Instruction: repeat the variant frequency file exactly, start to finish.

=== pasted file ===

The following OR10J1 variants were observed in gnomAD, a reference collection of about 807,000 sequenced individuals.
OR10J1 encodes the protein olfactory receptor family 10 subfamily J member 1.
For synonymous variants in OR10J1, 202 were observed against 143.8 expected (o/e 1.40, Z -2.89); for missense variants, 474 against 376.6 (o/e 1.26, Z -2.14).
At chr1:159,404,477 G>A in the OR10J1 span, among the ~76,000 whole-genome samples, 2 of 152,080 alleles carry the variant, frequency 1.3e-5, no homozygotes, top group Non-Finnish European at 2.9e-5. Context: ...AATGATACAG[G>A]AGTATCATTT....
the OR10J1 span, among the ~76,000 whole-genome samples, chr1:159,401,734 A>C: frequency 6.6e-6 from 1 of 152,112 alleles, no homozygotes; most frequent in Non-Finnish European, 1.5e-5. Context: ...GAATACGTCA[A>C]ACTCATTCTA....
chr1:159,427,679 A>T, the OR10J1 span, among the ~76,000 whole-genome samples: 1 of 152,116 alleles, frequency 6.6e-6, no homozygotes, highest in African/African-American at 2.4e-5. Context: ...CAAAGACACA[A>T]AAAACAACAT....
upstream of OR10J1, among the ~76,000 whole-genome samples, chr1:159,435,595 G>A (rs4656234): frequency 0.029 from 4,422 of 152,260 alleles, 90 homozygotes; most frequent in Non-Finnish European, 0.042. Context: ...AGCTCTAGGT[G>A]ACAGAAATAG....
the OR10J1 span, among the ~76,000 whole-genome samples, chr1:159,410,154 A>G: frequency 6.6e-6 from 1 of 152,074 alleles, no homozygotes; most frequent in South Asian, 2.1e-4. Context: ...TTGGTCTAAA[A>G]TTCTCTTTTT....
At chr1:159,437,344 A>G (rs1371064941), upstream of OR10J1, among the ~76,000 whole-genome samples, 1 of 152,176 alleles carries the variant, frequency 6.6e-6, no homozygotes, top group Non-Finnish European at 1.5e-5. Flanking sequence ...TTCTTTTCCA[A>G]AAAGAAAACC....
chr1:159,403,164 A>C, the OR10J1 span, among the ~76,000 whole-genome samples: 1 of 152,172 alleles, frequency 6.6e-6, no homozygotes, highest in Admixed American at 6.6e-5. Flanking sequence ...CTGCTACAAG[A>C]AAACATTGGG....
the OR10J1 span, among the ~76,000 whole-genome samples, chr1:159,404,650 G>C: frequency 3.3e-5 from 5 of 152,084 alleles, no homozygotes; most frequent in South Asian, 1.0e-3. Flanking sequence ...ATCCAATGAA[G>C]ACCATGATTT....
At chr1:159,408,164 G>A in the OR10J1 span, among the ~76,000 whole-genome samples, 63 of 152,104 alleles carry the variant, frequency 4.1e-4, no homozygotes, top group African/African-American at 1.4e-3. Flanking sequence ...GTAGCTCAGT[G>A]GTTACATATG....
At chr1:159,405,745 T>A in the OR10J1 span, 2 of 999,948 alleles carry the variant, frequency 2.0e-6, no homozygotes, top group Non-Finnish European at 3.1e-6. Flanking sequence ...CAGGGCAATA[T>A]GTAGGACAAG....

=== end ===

The following OR10J1 variants were observed in gnomAD, a reference collection of about 807,000 sequenced individuals.
OR10J1 encodes the protein olfactory receptor family 10 subfamily J member 1.
For synonymous variants in OR10J1, 202 were observed against 143.8 expected (o/e 1.40, Z -2.89); for missense variants, 474 against 376.6 (o/e 1.26, Z -2.14).
At chr1:159,404,477 G>A in the OR10J1 span, among the ~76,000 whole-genome samples, 2 of 152,080 alleles carry the variant, frequency 1.3e-5, no homozygotes, top group Non-Finnish European at 2.9e-5. Context: ...AATGATACAG[G>A]AGTATCATTT....
the OR10J1 span, among the ~76,000 whole-genome samples, chr1:159,401,734 A>C: frequency 6.6e-6 from 1 of 152,112 alleles, no homozygotes; most frequent in Non-Finnish European, 1.5e-5. Context: ...GAATACGTCA[A>C]ACTCATTCTA....
chr1:159,427,679 A>T, the OR10J1 span, among the ~76,000 whole-genome samples: 1 of 152,116 alleles, frequency 6.6e-6, no homozygotes, highest in African/African-American at 2.4e-5. Context: ...CAAAGACACA[A>T]AAAACAACAT....
upstream of OR10J1, among the ~76,000 whole-genome samples, chr1:159,435,595 G>A (rs4656234): frequency 0.029 from 4,422 of 152,260 alleles, 90 homozygotes; most frequent in Non-Finnish European, 0.042. Context: ...AGCTCTAGGT[G>A]ACAGAAATAG....
the OR10J1 span, among the ~76,000 whole-genome samples, chr1:159,410,154 A>G: frequency 6.6e-6 from 1 of 152,074 alleles, no homozygotes; most frequent in South Asian, 2.1e-4. Context: ...TTGGTCTAAA[A>G]TTCTCTTTTT....
At chr1:159,437,344 A>G (rs1371064941), upstream of OR10J1, among the ~76,000 whole-genome samples, 1 of 152,176 alleles carries the variant, frequency 6.6e-6, no homozygotes, top group Non-Finnish European at 1.5e-5. Flanking sequence ...TTCTTTTCCA[A>G]AAAGAAAACC....
chr1:159,403,164 A>C, the OR10J1 span, among the ~76,000 whole-genome samples: 1 of 152,172 alleles, frequency 6.6e-6, no homozygotes, highest in Admixed American at 6.6e-5. Flanking sequence ...CTGCTACAAG[A>C]AAACATTGGG....
the OR10J1 span, among the ~76,000 whole-genome samples, chr1:159,404,650 G>C: frequency 3.3e-5 from 5 of 152,084 alleles, no homozygotes; most frequent in South Asian, 1.0e-3. Flanking sequence ...ATCCAATGAA[G>C]ACCATGATTT....
At chr1:159,408,164 G>A in the OR10J1 span, among the ~76,000 whole-genome samples, 63 of 152,104 alleles carry the variant, frequency 4.1e-4, no homozygotes, top group African/African-American at 1.4e-3. Flanking sequence ...GTAGCTCAGT[G>A]GTTACATATG....
At chr1:159,405,745 T>A in the OR10J1 span, 2 of 999,948 alleles carry the variant, frequency 2.0e-6, no homozygotes, top group Non-Finnish European at 3.1e-6. Flanking sequence ...CAGGGCAATA[T>A]GTAGGACAAG....